Few stains are more common—or more troublesome—than ink stains on clothes, carpets, or other fabric surfaces. A pen slipped into a shirt pocket or tucked into a pair of trousers can ruin the garment, while a ballpoint pen that breaks when you step on it can permanently disfigure carpeting or a fabric sofa. An old wives' tale says to use hairspray on the stain, but does it really work? While it used to be a smart trick to use to get rid of stains, new hairspray formulas make it an unlikely solution.
The Secret Ingredient in Hairspray: Alcohol
Various types of ink have ingredients with chemical properties that are fairly unique. Most inks contain a mixture of pigments, dyes, solvents, and lubricants that in combination make them very difficult to remove. Inks can be based on oil solvents or water solvents, and most everyone has experienced the difficult problem of removing stains from oil-based inks.
Permanent and ballpoint pen ink are oil-based inks, and their stains can sometimes be removed by using rubbing alcohol applied with a cotton swab or cotton ball. Hairspray used to contain alcohol, which was the secret ingredient that allowed it to get out ink stains.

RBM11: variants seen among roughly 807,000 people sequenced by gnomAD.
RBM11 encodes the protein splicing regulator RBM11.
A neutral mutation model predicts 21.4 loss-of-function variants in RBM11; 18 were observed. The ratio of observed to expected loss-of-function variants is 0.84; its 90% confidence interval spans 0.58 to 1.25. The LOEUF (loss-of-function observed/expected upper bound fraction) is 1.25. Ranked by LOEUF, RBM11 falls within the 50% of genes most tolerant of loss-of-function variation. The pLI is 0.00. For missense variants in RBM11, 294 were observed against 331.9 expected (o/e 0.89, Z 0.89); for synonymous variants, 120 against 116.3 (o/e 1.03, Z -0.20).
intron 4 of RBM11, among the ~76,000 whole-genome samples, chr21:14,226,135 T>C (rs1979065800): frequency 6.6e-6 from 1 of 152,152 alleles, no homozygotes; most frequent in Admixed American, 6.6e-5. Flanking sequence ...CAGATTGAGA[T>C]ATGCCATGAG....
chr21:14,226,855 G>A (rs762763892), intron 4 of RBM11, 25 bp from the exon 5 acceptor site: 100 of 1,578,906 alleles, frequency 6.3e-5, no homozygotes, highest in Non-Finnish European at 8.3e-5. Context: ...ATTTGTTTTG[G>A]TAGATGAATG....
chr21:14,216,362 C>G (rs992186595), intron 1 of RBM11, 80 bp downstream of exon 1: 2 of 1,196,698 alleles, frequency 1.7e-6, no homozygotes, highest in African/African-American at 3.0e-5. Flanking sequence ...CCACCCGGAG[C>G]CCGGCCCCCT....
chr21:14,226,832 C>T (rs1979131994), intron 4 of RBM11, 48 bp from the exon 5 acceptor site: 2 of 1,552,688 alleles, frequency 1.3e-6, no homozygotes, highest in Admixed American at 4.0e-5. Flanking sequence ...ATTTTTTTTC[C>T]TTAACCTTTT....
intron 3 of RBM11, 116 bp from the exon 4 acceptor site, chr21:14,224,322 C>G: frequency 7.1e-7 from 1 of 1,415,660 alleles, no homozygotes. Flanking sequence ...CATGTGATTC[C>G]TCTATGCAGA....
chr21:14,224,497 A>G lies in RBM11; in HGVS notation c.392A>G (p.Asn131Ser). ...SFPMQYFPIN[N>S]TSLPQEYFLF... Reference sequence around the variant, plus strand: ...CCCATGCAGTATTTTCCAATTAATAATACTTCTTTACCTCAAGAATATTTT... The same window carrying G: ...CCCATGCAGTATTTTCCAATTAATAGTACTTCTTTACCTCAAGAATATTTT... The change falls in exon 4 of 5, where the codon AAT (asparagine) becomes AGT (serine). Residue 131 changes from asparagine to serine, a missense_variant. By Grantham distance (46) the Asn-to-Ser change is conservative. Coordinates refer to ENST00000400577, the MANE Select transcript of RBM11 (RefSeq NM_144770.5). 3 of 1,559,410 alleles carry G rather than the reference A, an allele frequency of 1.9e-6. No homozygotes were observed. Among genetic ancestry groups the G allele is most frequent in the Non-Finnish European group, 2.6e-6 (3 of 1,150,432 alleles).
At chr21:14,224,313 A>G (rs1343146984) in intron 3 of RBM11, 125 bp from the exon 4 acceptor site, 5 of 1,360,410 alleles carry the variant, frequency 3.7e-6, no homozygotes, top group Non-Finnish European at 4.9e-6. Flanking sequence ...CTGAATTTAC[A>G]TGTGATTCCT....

However, over the years, manufacturers have decreased the amount or completely removed the alcohol from hairspray because it can dry out or damage hair. Even in the best of circumstances, hairspray or rubbing alcohol really works best if the stain is fresh. A long-dried ink stain is unlikely to come out easily, no matter what type of cleaner you try to use on it.
Water-based inks are another matter. A combination of alcohol and ordinary soap and water laundering often removes them entirely, so there's no need to rummage through your bathroom cabinets to find the hairspray for that one.
How to Use Hairspray on an Ink Stain
There is no harm in trying hairspray on an ink stain, as long as you keep your expectations low. Look for a hairspray product that mentions alcohol among its label ingredients. Often, this will be the cheapest hairspray products. Hairspray or other forms of alcohol are most likely to work on polyester or polyester blends.
Spray the stained area with hairspray and allow it to sit for several minutes to soak in. Do not rub at the stain, as this is likely to just spread the ink around. If the hairspray is working, you will probably see the stained area begin to soften. Rinse the area in clear, cool water to remove the hairspray and ink residue. If the hairspray treatment seems to be working, then you can repeat the process several times. After removing as much ink as possible, launder the clothing.
The same process will work with pure rubbing alcohol—in fact, it may be work better than hairspray does. Stains that resist both hairspray and rubbing alcohol may respond to denatured alcohol, but here you must be careful—some fabrics may not be colorfast when denatured alcohol is applied. If hairspray doesn't do the trick, move on to other methods that may be more successful at removing ink stains.